TALLAHASSEE, Fla. – Tony Bennett did all he could to prepare for Florida State, pulling out every scout-teamer and student manager he could find in an effort to replicate the Seminoles’ depth, length and athleticism.
But with his tongue in his cheek, the Virginia coach noted that, if they could do that, none of those people would be scout-teamers and student managers at UVA.
The genuine article turned out to be as good as Bennett feared.
Because on a night when points – or even good looks at the basket – came at a heavy premium, and when one of their top scorers was held to his lowest output in almost two months, the Seminoles got just what they needed from a variety of sources in a 54-50 victory over the Cavaliers.
That Devin Vassell led all scorers with a career-high 18 is hardly a surprise. He’s the Seminoles’ top scorer and a budding superstar.
But Anthony Polite’s big night might raise some eyebrows. The redshirt sophomore scored a career-high 14 points, was a perfect 4-for-4 from 3-point range and knocked down a crucial triple that tied the game at 47-47 with 2:27 to play.
That shot snapped a five-minute scoring drought for the Seminoles and sparked a 10-3 FSU run to close the game.
“Anthony exudes confidence,” FSU coach Leonard Hamilton said. “…He spends a lot of time in the gym getting shots up, and, when he shoots the ball, I think everyone who sees him (sees) a lot of confidence.”
Florida State’s victory is its eighth consecutive and moves the Seminoles (15-2, 5-1 ACC) into a three-way tie with Duke and Louisville atop the ACC standings. FSU beat Louisville earlier this month and will visit the Blue Devils on February 10.
The Cavaliers (11-5, 3-3 ACC) are reeling after suffering a third consecutive loss for the first time in three years.
Hamilton said he expected a sharp and desperate effort from the defending national champions, and that the Cavaliers did not leave him wanting.
“But,” he added in his next breath, “that’s why I feel so fortunate and pleased that we were able to come away with a victory.”
They did so thanks in large part to dominance near the end of each half.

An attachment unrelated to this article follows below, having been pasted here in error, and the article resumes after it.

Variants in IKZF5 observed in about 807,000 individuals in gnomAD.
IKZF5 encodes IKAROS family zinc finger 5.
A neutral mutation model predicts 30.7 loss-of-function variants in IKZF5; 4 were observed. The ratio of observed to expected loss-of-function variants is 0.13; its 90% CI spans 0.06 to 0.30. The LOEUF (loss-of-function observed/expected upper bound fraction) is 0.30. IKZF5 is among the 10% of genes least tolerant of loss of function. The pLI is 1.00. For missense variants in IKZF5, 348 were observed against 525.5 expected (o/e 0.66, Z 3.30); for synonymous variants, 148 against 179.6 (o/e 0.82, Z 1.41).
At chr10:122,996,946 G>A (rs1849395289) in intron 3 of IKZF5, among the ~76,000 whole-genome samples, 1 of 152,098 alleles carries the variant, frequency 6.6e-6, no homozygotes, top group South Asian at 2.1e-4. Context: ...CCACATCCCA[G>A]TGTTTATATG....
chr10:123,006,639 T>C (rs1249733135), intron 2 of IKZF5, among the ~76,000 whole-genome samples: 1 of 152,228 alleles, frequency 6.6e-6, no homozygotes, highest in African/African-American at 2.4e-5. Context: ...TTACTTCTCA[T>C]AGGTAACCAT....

Twice the Cavaliers held leads late in a period, and twice the Seminoles surged back in resounding fashion.
Trailing 24-20 late in the first half, Polite and Vassell teamed up for an 11-0 run over the final 3:41 that gave the Seminoles a 31-24 lead at the brake.
Along the way, FSU forced six turnovers on UVA’s last seven possessions. The Cavaliers finished the game with 18 turnovers.
“Their pressure bothered us at times,” Bennett said. “Their pace gets you a little frantic and it takes a strong, composed mind and skill level to not get rattled with that.”
Even still, the Cavaliers rallied back in the second half and, holding a three-point with 3:11 to play, seemed to be headed toward a win that might change their fortunes.
A three-point deficit against most teams with that amount of time remaining is typically nothing to worry about.
But against the Cavaliers, who boast the nation’s No. 1 scoring defense and No. 1 field-goal percentage defense, it can be a different story.
UVA had already held the Seminoles off the scoreboard for five minutes of game time and limited them to just one made field goal on their previous five attempts.
And, had Braxton Key finished the layup that would have put the Cavaliers ahead by five, it might have been insurmountable.
Instead, FSU’s Trent Forrest blocked the attempt, grabbed the rebound and hurried down the floor. A few moments later, Polite’s fateful 3-pointer was in the bottom of the net and the Seminoles had turned the tide.
“It’s a shot,” Polite said. “I’ve just got to take it with confidence, and I was able to make it.”
For Forrest, the block was part of a strong sequence in which the senior guard showed all the ways he can impact a game.
Despite shooting 1 of 6, finishing with five points and committing five turnovers, Forrest still managed seven assists, seven rebounds, four steals and two blocks.
And his tight defense on Virginia’s Kihei Clark just moments after Polite tied the game forced a turnover that gave the ball back to the Seminoles.
Forrest then drew a foul and knocked down two free-throws that gave FSU the lead for good.
“He’s our leader – offensively, defensively,” Vassell said of Forrest. “You could tell he started to get frustrated a little bit, but he didn’t let that affect him on the defensive end.”
In a sense, Forrest’s outing reflected the game as a whole.
It wasn’t necessarily one for the highlight reel – games against the plodding, defensive-minded Cavaliers rarely are – but it still brought about satisfying result.
Never mind the low shooting percentages, extended scoring droughts or 34 combined turnovers.
Hamilton didn’t see any of those things when he looked up at the final scoreboard.
“Some people will say this was not a very pretty game,” Hamilton said. “It’s beautiful to me.”